11 Powerful Books About Mothers, Daughters, and Mental Health – By Asian American Authors

As my own child grows, I find myself thinking more and more about my mother – the choices she had, how and why she became who she is, and how she shaped me. I don’t and never will have all the information I desire to truly understand her, but I have to find peace with who she is. To do this, in addition to therapy and reflection, I turn to books.

Mother’s Day, Asian Native American Hawaiian Pacific Islander (AANHPI) Heritage Month, and Mental Health Awareness Month all take place in May. For me, this convergence of observances inspires me to reflect on how my life is shaped by being a mother, an Asian American, and someone with a mental health condition. I am grateful that there are more books than one might expect that explore this specific intersection of themes, no doubt because struggling with love and loss in mother-daughter relationships, struggling with mental health and finding cultural identity are universal human experiences. Reading thoughtful and thoughtful books by AANHPI authors broadens my perspective beyond the confines of my own heritage and the depths of the mental health experiences to which I have been exposed. Books like the ones below help me process, heal, and feel less alone and emotionally closer to my mother in ways I never had access to before.

This month, the country continues to be reeling from the pandemic and its mental health ramifications. We are also still grappling with the reality that there have been nearly 11,000 hate crimes against AAPI people reported by Stop AAPI Hate since March 2020. mother you never had, maybe you snuggle up with these poignant books about mothers and daughters will be cathartic.

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“My mother and I speak different languages…even though my mother understands and speaks English at a very functional level, there are places in me that she cannot reach, nuances of thought and emotion that I can’t express in words that make sense to her.”

Elizabeth Miki Brina’s breathtaking work is a courageous and timely judgment on the internalized racism and self-hatred that has always been visible in the author’s relationship with her war bride mother throughout her life. Brina confronts her inability as a daughter to comfort her isolated mother while skillfully weaving Okinawa’s fascinating history and family stories. It was a book I couldn’t put down.


“As she talked about the things she ate or wished to eat or had been deprived of eating when she was young, she also shared minute details of her past, a trail of crumbs that would lead me to my family history.”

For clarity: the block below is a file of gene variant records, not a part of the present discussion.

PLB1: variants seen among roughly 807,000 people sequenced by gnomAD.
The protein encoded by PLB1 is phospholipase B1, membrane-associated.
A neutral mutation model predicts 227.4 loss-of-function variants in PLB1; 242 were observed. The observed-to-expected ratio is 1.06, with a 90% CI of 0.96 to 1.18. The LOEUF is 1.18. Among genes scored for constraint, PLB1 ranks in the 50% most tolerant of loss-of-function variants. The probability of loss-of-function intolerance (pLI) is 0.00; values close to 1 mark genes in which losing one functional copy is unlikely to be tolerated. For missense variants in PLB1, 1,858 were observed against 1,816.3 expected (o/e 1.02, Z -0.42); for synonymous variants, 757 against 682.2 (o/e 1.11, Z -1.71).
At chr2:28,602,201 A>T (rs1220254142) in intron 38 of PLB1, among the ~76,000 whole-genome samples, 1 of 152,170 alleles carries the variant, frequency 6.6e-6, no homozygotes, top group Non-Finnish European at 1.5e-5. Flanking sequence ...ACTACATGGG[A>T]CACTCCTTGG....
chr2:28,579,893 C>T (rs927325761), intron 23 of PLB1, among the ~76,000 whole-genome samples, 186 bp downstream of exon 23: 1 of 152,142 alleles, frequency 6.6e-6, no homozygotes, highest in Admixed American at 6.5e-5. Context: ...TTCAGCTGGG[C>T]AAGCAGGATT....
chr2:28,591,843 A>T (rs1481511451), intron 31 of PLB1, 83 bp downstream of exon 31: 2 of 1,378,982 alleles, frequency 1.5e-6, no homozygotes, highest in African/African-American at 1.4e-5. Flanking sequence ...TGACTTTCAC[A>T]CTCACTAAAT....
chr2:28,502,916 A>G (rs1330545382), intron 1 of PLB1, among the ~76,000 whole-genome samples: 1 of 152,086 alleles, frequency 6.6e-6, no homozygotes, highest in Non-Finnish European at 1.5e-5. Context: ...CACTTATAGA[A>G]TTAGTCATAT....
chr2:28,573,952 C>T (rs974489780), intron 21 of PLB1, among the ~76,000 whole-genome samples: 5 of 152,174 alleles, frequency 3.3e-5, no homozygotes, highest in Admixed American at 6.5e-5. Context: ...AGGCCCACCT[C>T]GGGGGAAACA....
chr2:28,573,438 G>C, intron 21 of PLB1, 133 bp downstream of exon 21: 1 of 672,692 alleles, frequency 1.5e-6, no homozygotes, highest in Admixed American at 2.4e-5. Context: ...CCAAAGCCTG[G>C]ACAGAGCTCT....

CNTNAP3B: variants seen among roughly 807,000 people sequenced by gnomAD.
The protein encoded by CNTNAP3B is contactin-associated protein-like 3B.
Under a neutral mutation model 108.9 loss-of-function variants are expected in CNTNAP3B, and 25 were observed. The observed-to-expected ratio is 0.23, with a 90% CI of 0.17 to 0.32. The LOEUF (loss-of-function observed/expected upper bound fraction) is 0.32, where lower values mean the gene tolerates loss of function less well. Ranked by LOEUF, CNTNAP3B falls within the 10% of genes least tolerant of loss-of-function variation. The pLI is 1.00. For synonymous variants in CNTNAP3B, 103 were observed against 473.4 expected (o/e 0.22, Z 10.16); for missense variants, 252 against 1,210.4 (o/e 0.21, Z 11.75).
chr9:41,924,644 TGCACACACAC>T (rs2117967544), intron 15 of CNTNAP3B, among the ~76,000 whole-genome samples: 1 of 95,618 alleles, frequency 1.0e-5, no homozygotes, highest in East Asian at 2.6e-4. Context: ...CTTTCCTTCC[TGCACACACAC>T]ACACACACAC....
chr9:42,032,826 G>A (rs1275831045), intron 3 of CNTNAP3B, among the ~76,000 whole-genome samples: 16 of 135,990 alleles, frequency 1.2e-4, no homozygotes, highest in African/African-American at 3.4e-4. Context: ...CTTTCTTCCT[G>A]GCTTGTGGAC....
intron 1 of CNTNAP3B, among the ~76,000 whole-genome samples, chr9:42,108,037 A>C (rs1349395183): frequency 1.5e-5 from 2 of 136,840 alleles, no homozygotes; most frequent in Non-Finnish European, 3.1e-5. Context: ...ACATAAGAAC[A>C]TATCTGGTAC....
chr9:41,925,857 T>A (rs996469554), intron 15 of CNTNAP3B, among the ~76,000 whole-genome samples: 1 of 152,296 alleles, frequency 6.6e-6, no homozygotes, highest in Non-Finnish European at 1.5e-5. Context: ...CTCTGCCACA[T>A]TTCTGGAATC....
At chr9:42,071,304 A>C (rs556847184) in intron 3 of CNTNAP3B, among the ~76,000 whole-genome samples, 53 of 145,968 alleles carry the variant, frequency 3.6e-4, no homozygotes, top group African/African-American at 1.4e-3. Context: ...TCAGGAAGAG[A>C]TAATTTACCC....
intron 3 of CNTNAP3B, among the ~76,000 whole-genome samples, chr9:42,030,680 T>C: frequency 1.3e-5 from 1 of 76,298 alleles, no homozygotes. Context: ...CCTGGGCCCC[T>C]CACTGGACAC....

This National Book Award finalist by Grace M. Cho recounts the author’s attempts to reach her mother, a bar hostess-turned-war bride who survived the Korean War but succumbed to schizophrenia while cooking Korean meals for her. . As someone living with a chronic mental health condition, I sincerely appreciated this compassionate remembrance of a daughter’s deep desire to reunite with the mother she lost through trauma and illness.

“A lot of my work has centered around the idea that women like my mother – Korean women who married American men and probably worked in the service industry that catered to men’s emotional and sexual needs. Americans in Korea – were erased from national narratives and hidden or shunned within their communities and families,” Cho shared in an email. “My intention in writing the memoirs was that my mother would finally be seen and cast off the shame that had been projected upon her for so much of her life.”


“No one can hurt you like a mother can. No one can love you like a mother.”

This incredibly honest queer Hawaiian Chinese Jewish coming-of-age memoir grapples with T Kira Madden’s relationship with her mother as she invites readers to be voyeurs of her lost innocence, forbidden desires, his traumas and his compassion.


“I also didn’t know that when your mother taught you to run and hide, you would keep doing it until it became a habit, until it became our best skill.”

I look forward to reading these memoirs, which come from the author’s New York Times modern love essay, At sea and in search of a safe harbor. Putsata Reang’s family fled on a Cambodian navy ship during the genocide more than forty years ago. Her mother refused the captain’s order to throw her apparently lifeless baby into the water. “I had survived because of my mother’s hope,” Reang wrote in his essay, Who That Baby Was. But as an adult, the author must come to terms with his mother’s inability to accept his bisexuality and his marriage to a woman.


“While your parents are alive, eat as much of their love as you can, so it can sustain you for the rest of your life. »